I asked her to contact me to tell me more of her story. I am hoping to write a new book soon and want to weave some of these stories, as well as successful ones, into it. I am thinking of calling it "How About Starting with Hello?" Intentional Hospitality for the Parish.

This is my only day here in the office this week. I am headed to El Paso in the morning, where I will be giving two workshops and a WLP music showcase at the annual Southwest Liturgical Conference. Feeling a bit weary, but plugging away!

More from El Paso as the week unfolds.

Gotta sing. Gotta pray.

Tuesday, January 10, 2017

Virtual Journey Together

Tuesday greetings on the kind of day in the Midwest that we all dread here; 41 degrees, raining, raw, and windy; it goes right through you!

I am gearing up for the GO: Gulf Coast Faith Formation Conference that will take place just outside of New Orleans, in Kenner, beginning this coming Thursday. I always enjoy this conference and this year they are having a focused liturgy track as part of the conference. I am doing a presentation entitled "Intentional Hospitality: Cultivating the Welcoming Parish." In it, I will tell my own story about "shopping" for a parish once I left a parish of which I had been a member for over ten years.

This reminds me of something that occurred this past summer while I was leading one of WLP's "Sing the Seasons" choral reading sessions. During the break that evening, a woman came up to me and told me that she and I had been on a very similar journey and that she was so grateful that I had been her companion on that journey. I though it was odd because I had never seen nor even met this person. She said that she was a faithful follower of this blog. And she followed my very painful story of having left the parish that I loved so much in search of a new one; a search that was too often so painful and filled with disappointments. She said that at the same time, her home parish, in which she had been the full-time music director for many years, was assigned a new pastor. The new pastor very quickly began to dismantle much of the parish leadership team and she was fired. When she told me this, it was so obvious that this was a keenly painful experience for her. She said that she kind of latched on to my story and, although she felt like she was all alone in her pain, somehow she joined hers to mine and we (unbeknownst to me) became fellow travelers, searching for a new spiritual home.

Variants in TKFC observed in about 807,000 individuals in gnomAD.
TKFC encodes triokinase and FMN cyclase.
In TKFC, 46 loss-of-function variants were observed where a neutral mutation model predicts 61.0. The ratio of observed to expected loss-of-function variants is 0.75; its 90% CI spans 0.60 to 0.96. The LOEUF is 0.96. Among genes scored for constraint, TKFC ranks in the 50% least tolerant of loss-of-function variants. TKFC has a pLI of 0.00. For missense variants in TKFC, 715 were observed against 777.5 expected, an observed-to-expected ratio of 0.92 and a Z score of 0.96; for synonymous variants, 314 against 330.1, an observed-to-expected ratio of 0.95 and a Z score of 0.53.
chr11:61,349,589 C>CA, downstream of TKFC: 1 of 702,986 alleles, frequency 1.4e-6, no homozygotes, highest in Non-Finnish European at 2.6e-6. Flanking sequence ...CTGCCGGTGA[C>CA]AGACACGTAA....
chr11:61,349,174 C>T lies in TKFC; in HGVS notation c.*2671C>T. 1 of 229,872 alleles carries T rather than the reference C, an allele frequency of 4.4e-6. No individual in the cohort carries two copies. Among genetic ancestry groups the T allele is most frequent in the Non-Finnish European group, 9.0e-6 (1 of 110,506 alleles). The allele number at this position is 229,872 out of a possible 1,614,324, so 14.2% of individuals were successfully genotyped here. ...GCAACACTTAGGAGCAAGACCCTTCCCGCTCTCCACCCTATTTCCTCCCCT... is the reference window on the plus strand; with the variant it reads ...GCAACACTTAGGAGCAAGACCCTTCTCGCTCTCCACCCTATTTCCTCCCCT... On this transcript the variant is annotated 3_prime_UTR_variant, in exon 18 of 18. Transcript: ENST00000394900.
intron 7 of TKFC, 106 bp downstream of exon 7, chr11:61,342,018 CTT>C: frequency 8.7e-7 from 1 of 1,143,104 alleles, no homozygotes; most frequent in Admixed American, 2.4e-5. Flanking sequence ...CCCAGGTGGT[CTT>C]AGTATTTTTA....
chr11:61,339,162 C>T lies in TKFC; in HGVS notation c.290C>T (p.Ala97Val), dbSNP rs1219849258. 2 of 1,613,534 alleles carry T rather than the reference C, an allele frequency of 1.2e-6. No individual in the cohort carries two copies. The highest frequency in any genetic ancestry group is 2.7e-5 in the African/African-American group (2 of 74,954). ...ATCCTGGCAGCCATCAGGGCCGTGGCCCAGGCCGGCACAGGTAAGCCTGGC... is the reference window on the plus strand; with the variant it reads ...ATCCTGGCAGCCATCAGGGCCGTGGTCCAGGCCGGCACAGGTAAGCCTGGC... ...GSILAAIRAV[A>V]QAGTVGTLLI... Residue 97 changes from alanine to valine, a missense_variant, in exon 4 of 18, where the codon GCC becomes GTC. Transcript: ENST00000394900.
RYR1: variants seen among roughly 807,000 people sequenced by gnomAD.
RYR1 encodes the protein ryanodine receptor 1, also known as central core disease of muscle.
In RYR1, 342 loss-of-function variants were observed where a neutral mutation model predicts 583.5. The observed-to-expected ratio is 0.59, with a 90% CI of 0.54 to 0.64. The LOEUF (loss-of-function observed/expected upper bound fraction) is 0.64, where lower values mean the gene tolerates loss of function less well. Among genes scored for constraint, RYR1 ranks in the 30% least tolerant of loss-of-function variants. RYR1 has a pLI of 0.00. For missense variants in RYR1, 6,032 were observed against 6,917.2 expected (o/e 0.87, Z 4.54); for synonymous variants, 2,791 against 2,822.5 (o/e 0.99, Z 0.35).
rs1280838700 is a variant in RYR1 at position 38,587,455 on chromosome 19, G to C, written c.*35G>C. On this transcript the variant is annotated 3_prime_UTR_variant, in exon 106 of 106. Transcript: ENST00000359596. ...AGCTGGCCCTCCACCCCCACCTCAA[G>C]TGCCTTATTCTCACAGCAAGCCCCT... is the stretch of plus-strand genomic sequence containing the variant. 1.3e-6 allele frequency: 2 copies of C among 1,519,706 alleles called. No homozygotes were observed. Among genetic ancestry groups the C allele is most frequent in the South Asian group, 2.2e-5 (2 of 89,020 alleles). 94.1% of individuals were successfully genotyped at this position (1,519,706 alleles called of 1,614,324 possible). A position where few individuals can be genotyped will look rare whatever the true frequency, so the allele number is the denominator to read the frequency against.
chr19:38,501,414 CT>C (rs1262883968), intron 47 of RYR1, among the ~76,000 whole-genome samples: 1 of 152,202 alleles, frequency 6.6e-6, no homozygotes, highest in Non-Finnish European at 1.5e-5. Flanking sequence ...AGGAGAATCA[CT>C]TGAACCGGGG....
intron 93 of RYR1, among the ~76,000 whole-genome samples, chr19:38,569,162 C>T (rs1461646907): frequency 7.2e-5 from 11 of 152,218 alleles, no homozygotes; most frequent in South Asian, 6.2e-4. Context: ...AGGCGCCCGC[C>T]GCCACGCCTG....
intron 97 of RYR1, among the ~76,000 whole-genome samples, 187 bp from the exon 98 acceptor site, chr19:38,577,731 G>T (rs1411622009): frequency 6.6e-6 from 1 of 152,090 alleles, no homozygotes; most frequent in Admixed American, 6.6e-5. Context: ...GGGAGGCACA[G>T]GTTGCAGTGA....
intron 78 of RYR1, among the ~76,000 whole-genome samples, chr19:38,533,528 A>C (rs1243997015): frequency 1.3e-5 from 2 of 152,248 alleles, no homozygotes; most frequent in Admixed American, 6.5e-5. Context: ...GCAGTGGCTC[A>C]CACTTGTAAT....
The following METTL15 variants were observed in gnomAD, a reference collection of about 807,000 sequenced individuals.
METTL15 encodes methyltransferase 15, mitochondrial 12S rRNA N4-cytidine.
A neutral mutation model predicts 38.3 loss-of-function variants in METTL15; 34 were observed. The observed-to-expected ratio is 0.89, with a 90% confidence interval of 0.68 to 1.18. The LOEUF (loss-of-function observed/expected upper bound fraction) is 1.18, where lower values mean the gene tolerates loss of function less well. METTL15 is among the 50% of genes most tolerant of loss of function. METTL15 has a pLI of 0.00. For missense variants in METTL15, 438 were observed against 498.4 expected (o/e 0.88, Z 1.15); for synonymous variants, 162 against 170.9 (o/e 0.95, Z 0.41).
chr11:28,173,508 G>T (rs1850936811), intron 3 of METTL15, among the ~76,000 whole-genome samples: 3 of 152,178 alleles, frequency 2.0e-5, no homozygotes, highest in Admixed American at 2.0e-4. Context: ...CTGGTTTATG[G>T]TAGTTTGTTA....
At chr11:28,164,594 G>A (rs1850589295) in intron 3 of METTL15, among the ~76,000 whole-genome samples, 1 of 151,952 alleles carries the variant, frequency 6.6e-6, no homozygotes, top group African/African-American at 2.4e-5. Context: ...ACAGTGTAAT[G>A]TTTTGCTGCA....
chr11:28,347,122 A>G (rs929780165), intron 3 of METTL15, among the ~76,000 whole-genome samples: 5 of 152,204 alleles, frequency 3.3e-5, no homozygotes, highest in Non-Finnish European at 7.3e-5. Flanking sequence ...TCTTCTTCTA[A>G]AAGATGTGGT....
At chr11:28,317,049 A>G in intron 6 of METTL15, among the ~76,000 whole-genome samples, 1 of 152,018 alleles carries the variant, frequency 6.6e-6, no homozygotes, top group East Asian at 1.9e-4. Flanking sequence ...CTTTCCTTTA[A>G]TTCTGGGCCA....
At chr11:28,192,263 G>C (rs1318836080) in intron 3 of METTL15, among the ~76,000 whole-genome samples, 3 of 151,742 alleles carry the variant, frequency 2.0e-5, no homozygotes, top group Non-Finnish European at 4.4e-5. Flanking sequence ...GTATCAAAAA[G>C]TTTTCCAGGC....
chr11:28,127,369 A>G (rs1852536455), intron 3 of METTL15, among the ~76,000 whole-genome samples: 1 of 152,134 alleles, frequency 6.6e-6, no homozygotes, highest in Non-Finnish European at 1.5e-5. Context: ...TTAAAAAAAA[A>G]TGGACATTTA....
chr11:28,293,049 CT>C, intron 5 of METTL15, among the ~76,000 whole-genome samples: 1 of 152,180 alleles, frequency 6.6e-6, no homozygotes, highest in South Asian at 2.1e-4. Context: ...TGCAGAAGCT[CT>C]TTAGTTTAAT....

Folks, I was so grateful that she shared this with me. Social media like blogs and other outlets can be very powerful tools as people move through life. I will never forget this encounter. And I was so grateful to hear that she, like I , had found a new spiritual home and was making music once again.